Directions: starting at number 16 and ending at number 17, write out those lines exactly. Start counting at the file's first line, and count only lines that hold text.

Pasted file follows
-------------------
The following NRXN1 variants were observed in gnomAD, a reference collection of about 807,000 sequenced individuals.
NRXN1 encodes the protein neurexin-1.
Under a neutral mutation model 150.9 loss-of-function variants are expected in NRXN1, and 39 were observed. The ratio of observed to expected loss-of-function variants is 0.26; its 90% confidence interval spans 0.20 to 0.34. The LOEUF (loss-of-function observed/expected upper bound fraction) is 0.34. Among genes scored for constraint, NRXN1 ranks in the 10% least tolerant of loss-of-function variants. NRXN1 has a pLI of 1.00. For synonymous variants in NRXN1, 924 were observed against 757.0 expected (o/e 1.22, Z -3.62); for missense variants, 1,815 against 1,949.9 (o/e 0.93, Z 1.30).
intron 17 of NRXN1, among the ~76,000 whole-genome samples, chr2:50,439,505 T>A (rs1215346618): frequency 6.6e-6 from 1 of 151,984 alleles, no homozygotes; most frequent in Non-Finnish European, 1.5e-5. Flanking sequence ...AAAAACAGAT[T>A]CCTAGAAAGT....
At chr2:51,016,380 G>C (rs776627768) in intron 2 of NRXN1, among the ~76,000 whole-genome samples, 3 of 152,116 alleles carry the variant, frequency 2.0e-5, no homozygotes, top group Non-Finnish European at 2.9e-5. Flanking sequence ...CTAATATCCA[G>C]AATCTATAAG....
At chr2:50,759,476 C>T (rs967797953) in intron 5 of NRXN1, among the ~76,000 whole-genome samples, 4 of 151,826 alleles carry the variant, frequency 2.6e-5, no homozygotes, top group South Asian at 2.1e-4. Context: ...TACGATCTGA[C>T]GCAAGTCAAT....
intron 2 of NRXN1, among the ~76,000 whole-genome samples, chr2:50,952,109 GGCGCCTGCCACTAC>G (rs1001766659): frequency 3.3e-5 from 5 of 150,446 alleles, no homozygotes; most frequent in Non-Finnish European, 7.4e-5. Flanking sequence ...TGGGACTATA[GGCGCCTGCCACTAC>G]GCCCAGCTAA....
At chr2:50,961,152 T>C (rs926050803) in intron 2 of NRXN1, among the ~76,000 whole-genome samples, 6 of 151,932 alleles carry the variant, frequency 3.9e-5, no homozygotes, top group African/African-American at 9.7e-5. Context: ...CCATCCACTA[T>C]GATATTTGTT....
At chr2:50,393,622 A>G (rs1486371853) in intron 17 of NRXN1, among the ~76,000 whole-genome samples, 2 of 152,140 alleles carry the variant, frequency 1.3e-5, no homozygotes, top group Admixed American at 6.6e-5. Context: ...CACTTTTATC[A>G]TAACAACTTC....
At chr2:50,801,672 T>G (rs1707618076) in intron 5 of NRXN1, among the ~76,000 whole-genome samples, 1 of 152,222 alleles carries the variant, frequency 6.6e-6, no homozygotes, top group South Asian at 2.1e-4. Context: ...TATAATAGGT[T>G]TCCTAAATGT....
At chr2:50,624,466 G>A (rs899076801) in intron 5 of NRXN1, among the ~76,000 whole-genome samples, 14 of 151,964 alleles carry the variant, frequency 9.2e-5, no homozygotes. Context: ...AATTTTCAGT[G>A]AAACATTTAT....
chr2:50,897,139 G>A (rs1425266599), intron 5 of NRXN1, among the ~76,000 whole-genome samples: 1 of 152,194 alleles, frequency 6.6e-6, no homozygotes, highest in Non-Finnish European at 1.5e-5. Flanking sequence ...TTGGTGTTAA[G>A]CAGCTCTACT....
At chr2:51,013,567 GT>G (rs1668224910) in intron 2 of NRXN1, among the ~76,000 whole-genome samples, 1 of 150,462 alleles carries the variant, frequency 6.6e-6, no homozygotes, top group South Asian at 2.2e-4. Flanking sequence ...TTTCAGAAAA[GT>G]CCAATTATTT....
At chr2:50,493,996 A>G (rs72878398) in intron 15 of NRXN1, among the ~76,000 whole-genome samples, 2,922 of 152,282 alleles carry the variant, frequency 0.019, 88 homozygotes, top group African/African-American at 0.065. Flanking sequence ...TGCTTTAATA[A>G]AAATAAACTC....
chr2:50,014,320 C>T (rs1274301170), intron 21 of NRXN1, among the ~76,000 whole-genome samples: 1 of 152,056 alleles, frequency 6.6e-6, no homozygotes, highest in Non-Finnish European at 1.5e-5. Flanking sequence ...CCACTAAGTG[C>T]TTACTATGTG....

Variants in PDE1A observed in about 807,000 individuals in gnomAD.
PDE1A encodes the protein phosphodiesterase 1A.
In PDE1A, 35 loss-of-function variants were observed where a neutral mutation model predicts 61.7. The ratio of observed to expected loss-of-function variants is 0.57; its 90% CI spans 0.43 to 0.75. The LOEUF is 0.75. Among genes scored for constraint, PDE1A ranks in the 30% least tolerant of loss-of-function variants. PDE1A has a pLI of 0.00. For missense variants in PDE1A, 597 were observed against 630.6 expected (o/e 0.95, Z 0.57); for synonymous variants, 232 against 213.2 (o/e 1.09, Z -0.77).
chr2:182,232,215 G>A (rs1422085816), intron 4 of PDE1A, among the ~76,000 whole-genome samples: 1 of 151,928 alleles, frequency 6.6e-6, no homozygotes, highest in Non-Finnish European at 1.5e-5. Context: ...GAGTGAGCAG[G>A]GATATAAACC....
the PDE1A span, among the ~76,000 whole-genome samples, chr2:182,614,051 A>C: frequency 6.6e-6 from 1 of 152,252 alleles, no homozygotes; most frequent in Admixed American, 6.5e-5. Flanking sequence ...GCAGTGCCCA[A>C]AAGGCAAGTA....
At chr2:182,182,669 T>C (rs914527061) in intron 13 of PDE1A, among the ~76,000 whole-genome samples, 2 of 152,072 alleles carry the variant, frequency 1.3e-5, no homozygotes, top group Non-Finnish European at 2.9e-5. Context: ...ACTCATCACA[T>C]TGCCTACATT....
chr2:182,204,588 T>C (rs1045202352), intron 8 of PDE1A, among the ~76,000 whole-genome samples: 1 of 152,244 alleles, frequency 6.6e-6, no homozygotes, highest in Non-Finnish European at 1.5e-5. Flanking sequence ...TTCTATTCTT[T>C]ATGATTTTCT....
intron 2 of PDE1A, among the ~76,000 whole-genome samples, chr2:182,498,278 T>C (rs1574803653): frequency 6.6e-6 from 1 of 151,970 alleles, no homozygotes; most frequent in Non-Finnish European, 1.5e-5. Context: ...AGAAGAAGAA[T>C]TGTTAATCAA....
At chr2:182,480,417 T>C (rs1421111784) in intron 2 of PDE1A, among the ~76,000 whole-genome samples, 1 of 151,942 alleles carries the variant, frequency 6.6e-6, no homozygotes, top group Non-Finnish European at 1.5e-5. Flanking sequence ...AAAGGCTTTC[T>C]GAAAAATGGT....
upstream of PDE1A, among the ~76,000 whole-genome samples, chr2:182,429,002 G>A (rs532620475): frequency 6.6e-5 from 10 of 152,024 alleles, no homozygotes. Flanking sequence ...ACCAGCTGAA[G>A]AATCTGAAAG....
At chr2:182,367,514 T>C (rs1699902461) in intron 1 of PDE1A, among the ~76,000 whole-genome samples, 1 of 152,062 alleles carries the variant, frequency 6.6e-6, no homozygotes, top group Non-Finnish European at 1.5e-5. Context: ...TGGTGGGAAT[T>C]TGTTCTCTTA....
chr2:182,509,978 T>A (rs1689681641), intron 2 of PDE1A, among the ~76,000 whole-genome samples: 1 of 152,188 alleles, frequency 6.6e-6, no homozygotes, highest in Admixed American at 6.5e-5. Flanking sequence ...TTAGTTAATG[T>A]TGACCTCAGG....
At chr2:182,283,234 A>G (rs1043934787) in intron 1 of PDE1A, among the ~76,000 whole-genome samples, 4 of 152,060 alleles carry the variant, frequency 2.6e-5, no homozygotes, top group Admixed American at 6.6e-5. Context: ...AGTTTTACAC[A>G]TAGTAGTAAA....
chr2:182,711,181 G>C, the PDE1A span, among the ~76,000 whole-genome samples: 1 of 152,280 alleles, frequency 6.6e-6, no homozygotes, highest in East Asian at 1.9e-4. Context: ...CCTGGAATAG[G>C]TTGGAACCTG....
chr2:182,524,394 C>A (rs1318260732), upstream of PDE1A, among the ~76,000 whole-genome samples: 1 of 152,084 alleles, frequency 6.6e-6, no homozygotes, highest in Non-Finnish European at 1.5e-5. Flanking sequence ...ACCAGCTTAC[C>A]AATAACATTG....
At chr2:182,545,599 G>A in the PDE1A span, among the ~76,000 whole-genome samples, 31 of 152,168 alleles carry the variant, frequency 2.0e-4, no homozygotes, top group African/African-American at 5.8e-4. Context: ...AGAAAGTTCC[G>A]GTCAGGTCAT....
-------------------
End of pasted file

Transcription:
Variants in PDE1A observed in about 807,000 individuals in gnomAD.
PDE1A encodes the protein phosphodiesterase 1A.